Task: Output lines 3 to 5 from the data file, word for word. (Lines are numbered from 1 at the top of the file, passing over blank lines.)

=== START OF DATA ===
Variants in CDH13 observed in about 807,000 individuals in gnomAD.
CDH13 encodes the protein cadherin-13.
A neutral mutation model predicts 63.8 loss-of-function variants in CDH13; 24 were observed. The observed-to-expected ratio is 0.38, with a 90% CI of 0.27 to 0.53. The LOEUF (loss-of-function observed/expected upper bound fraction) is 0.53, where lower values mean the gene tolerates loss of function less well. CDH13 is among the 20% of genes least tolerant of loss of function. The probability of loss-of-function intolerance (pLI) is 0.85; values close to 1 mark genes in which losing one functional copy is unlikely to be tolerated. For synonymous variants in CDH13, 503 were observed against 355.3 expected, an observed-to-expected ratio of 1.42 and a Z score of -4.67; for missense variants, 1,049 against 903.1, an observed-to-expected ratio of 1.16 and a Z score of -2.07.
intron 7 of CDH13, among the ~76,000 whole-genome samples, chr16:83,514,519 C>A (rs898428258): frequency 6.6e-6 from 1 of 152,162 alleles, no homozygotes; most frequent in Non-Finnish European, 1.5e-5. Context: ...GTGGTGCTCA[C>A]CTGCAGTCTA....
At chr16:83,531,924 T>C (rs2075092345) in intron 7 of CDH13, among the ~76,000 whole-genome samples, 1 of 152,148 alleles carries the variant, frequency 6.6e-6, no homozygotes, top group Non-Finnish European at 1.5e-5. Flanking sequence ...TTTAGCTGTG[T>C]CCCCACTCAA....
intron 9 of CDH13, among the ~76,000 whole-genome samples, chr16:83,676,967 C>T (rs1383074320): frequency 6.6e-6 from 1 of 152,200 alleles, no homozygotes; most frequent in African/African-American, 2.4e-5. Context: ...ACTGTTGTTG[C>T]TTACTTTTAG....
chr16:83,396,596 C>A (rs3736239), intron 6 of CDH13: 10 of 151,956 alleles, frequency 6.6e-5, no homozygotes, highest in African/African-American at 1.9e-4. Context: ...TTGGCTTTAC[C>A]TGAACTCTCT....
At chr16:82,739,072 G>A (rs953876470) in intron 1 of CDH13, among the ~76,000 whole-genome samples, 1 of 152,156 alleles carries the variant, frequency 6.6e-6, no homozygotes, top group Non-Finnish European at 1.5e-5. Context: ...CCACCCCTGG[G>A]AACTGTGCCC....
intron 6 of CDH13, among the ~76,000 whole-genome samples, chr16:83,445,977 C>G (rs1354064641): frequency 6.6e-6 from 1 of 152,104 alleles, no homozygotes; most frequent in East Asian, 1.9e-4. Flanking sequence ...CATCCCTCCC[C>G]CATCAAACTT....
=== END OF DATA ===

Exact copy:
A neutral mutation model predicts 63.8 loss-of-function variants in CDH13; 24 were observed. The observed-to-expected ratio is 0.38, with a 90% CI of 0.27 to 0.53. The LOEUF (loss-of-function observed/expected upper bound fraction) is 0.53, where lower values mean the gene tolerates loss of function less well. CDH13 is among the 20% of genes least tolerant of loss of function. The probability of loss-of-function intolerance (pLI) is 0.85; values close to 1 mark genes in which losing one functional copy is unlikely to be tolerated. For synonymous variants in CDH13, 503 were observed against 355.3 expected, an observed-to-expected ratio of 1.42 and a Z score of -4.67; for missense variants, 1,049 against 903.1, an observed-to-expected ratio of 1.16 and a Z score of -2.07.
intron 7 of CDH13, among the ~76,000 whole-genome samples, chr16:83,514,519 C>A (rs898428258): frequency 6.6e-6 from 1 of 152,162 alleles, no homozygotes; most frequent in Non-Finnish European, 1.5e-5. Context: ...GTGGTGCTCA[C>A]CTGCAGTCTA....
At chr16:83,531,924 T>C (rs2075092345) in intron 7 of CDH13, among the ~76,000 whole-genome samples, 1 of 152,148 alleles carries the variant, frequency 6.6e-6, no homozygotes, top group Non-Finnish European at 1.5e-5. Flanking sequence ...TTTAGCTGTG[T>C]CCCCACTCAA....